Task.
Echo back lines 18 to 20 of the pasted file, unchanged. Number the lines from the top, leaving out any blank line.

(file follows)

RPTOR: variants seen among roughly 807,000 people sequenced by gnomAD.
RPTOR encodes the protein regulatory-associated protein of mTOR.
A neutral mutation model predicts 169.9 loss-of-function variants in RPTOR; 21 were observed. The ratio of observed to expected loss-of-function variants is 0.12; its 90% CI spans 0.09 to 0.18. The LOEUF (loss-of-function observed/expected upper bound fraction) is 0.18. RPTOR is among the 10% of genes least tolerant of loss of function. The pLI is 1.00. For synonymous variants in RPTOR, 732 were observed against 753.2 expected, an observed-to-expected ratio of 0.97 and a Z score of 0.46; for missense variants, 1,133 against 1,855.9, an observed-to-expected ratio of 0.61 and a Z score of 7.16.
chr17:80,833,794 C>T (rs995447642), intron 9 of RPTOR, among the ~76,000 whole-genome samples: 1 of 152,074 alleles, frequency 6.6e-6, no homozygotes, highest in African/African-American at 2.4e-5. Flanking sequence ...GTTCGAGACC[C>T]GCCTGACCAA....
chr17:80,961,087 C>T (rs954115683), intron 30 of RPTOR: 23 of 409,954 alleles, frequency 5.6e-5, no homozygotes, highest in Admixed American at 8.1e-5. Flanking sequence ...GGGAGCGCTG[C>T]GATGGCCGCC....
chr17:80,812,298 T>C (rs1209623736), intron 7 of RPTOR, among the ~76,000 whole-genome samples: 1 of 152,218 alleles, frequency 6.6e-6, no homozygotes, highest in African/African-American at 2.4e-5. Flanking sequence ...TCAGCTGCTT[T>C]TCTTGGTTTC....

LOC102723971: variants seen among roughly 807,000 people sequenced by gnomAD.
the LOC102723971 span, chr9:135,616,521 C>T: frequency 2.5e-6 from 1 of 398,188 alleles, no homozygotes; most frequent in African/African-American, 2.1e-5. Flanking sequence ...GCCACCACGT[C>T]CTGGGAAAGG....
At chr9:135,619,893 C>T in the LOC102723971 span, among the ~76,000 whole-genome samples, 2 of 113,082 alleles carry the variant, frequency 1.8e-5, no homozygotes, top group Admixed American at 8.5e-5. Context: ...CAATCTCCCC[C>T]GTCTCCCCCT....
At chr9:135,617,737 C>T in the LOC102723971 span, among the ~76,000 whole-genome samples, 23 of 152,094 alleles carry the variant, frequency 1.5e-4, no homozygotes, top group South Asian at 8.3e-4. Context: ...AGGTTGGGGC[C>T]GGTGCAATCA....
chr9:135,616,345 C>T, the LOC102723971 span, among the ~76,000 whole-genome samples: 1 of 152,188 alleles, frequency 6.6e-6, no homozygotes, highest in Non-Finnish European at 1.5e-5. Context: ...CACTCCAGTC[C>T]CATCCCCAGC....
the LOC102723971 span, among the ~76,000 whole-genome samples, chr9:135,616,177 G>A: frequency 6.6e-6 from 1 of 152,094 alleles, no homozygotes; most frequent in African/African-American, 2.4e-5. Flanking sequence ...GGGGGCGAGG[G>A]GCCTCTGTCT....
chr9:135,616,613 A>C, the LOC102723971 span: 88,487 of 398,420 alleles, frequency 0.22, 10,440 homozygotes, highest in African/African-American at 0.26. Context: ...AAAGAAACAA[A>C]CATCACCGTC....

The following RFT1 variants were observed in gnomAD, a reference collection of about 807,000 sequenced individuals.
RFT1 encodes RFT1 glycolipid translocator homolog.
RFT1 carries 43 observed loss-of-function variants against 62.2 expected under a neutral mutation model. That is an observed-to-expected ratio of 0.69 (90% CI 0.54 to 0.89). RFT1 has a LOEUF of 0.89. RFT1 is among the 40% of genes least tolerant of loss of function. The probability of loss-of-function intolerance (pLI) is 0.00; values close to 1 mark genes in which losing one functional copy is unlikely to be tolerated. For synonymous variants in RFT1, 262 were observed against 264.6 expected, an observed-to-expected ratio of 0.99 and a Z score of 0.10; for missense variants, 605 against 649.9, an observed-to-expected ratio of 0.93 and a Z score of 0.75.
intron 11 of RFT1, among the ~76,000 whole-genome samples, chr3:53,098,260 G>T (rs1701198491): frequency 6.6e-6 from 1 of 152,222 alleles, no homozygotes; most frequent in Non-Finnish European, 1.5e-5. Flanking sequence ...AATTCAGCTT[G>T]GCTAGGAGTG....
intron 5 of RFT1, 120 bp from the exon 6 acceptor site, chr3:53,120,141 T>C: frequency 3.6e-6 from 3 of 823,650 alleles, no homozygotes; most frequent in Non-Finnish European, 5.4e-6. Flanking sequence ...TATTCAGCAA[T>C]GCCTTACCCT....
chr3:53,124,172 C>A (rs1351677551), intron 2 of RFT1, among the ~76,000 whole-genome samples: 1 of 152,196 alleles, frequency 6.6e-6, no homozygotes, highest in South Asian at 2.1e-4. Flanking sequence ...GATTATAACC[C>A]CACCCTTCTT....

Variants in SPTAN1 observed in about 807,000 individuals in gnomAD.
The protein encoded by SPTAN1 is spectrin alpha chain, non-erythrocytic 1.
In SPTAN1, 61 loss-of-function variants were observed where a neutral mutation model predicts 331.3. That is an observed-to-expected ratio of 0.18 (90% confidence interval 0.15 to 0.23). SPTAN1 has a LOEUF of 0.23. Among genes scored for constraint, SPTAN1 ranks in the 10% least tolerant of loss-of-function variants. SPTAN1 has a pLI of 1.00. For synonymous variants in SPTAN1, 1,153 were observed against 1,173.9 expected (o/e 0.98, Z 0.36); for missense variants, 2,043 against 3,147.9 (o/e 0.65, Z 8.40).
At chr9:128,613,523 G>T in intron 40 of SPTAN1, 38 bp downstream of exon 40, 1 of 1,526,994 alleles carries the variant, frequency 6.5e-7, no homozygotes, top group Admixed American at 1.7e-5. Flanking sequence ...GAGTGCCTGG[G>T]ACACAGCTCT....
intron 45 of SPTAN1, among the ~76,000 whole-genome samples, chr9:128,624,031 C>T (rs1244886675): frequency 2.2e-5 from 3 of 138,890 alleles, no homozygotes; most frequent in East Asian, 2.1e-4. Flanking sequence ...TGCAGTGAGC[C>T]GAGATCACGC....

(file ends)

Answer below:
intron 5 of RFT1, 120 bp from the exon 6 acceptor site, chr3:53,120,141 T>C: frequency 3.6e-6 from 3 of 823,650 alleles, no homozygotes; most frequent in Non-Finnish European, 5.4e-6. Flanking sequence ...TATTCAGCAA[T>C]GCCTTACCCT....
chr3:53,124,172 C>A (rs1351677551), intron 2 of RFT1, among the ~76,000 whole-genome samples: 1 of 152,196 alleles, frequency 6.6e-6, no homozygotes, highest in South Asian at 2.1e-4. Flanking sequence ...GATTATAACC[C>A]CACCCTTCTT....

Variants in SPTAN1 observed in about 807,000 individuals in gnomAD.